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Keywords:

  • Adolescent;
  • child;
  • longitudinal studies;
  • parent;
  • risk factor;
  • smoking

ABSTRACT

Aims  To examine the long-term effects of childhood smoking experimentation and exposure to parental smoking on adult smoking risk.

Methods  Data were from a 20-year follow-up of 9–15-year-olds who completed questionnaires in the 1985 Australian Schools Health and Fitness Survey (n = 6559). The relative risks (RR) of adult current smoking in 2004–05 for childhood exposure to smoking experimentation (never, a few puffs, < 10 cigarettes, > 10 cigarettes) and parental smoking (none, father, mother, both parents) in 1985, with adjustment for confounders, were estimated by log binomial modelling. Analyses were stratified by age (9–13 and 14–15 years) and sex.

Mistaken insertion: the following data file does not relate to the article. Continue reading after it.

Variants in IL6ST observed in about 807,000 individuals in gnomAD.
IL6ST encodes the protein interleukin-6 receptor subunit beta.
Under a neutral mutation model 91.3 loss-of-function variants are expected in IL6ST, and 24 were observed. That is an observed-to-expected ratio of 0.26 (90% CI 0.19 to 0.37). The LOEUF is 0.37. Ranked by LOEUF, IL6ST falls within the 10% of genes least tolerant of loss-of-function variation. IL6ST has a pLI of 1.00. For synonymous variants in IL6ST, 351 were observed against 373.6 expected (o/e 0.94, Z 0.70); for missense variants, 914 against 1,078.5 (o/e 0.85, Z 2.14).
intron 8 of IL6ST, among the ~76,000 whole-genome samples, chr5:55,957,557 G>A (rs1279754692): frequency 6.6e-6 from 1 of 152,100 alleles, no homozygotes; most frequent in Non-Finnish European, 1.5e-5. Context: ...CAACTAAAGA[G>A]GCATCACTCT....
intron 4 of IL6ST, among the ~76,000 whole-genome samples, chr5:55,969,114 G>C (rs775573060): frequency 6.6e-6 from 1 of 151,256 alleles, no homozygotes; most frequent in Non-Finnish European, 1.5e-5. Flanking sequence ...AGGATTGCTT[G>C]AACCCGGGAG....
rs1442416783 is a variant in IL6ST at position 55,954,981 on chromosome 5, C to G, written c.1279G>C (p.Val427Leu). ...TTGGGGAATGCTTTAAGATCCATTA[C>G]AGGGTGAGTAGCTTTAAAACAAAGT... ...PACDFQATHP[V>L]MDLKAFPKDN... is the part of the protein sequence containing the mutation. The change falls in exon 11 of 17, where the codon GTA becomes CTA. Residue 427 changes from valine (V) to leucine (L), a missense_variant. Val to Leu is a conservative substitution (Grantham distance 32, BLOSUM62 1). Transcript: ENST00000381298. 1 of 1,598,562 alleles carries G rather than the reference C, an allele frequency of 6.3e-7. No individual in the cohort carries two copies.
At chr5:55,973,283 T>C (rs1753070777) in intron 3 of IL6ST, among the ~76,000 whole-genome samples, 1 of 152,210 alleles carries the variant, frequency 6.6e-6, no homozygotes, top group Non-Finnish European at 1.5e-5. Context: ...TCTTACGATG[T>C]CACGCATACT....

Findings  Participation at follow-up was 54% (n = 3559). Childhood smoking experimentation increased the risk of being a current smoker particularly for 14–15-year-old experimenters of more than 10 cigarettes [males, RR 2.72, 95% confidence interval (CI) 1.74–4.25; females, RR 6.39, 95% CI 2.85–14.33]. Parental smoking was associated with adult current smoking risk, particularly for 9–13-year-olds with two smoking parents (males, RR 1.53, 95% CI 1.19–1.96; females, RR 1.99, 95% CI 1.52–2.61) and older males with smoking mothers (RR 1.82, 95% CI 1.22–2.73). Parental smoking was not associated with childhood smoking experimentation.

Conclusions  These findings suggest that any childhood smoking experimentation increases the risk of being a smoker 20 years later. As exposure to parental smoking predicted current smoking, parents should be aware of the association between their own smoking behaviour and that of their children.